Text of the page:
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12 May 2015

GED to PHD: Is Greatness Possible For Everyone? Interview with Eric Thomas

Jairek Robbins



Today I’m honored, thrilled, and humbled to interview a man who helps me start my day, everyday.


Dr. Eric Thomas and I are sitting down to answer some of life’s toughest questions and sharing them here with you today!



If you’ve ever felt stuck, like the odds were stacked against your, or that you were simply dealt the wrong cards that you MUST tune in and watch what this man has to say.


It’s not about comparing the stories, the adversity, or the obstacles that you face. This is about getting real and getting honest with yourself. It’s about raising your standards, and not waiting for opportunity but making opportunities happen.


In today’s interview, you’ll learn so much. I encourage you to grab a paper, pen or simply your phone and take notes on some of this real and raw truth about life, success, and relationships!

Eric Thomas, or ET, as he is often referred to will share with us:


I really hope you love this interview. I know I did. This man speaks from his heart and soul and TRULY lives it!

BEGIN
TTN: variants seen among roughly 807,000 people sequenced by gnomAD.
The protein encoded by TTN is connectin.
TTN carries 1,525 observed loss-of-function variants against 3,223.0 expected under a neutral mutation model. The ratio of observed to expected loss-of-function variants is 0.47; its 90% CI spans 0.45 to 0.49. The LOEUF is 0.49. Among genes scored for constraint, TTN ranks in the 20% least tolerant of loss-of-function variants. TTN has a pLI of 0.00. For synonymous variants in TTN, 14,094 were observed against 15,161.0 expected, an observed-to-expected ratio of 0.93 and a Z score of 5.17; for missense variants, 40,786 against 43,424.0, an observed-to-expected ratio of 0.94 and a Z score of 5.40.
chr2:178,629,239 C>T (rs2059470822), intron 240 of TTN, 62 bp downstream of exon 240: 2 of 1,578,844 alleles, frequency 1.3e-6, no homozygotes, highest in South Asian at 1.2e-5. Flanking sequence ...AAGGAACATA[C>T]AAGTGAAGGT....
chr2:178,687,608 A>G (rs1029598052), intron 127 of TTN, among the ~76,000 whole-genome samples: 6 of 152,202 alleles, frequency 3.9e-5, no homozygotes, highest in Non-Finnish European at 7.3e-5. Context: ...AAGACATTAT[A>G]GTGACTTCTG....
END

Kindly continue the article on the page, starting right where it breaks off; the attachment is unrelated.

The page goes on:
Make sure to visit his web-site and check out his books, Mixtapes, Upcoming speaking events …etc. — Click here to visit his site! 

Let me know what you love, learned, and how you’re going to apply what you learned in the comments below.

To Your Success,



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JRCtv transcription – connectingwith ET

Jairek: Hey everyoneJairek Robbins here, Thank you and welcome back to another episode of JRCtv and I’m a bit excited today, we get to speak with someone who I actually listen to in my headphones every single morning, when I’m on that treadmill right behind me looking at those vision boards, getting ready and preparing my mind, body and emotion for the day. And so this is someone thatI feel very close to,even though we’ve only briefly shaken hands once, when I saw him speak here in Tampa last week, but I’m really excited to have him on and this man has a message to share with you. So with no further ado, please say hello, everyone who’s watching, toMr. Eric Thomas.

Eric: Hey, what’s going on, Jairek?

Jairek: Thank you somuch. I want to surprise you, I bet you don’t know that you hang outin my headphones every morning, like…

Eric: I didn’t know that. Yeah, definitely a surprise, I didn’t know that and I hate that…and actually Tampa was one of the first time, it was so late, and I was concerned about my wife, you know and it was so funny because my wife said tome afterwards,“why did you rush? I’m doing great”and I’m like, I didn’t know, this is the first time but she is, ah you know, different work out, different medical regimen, etcetera. So she is a thousand times better, so I hate though that I didn’t get an opportunity to really sit down and get to talk to you but I’ll be back in Tampa, so I’m hoping we’ll have the opportunity.

Jairek: Absolutely! I look forward to it. Maybe you could do an extended interview for everyone.

Eric Thomas: Alright, please, let’s get it.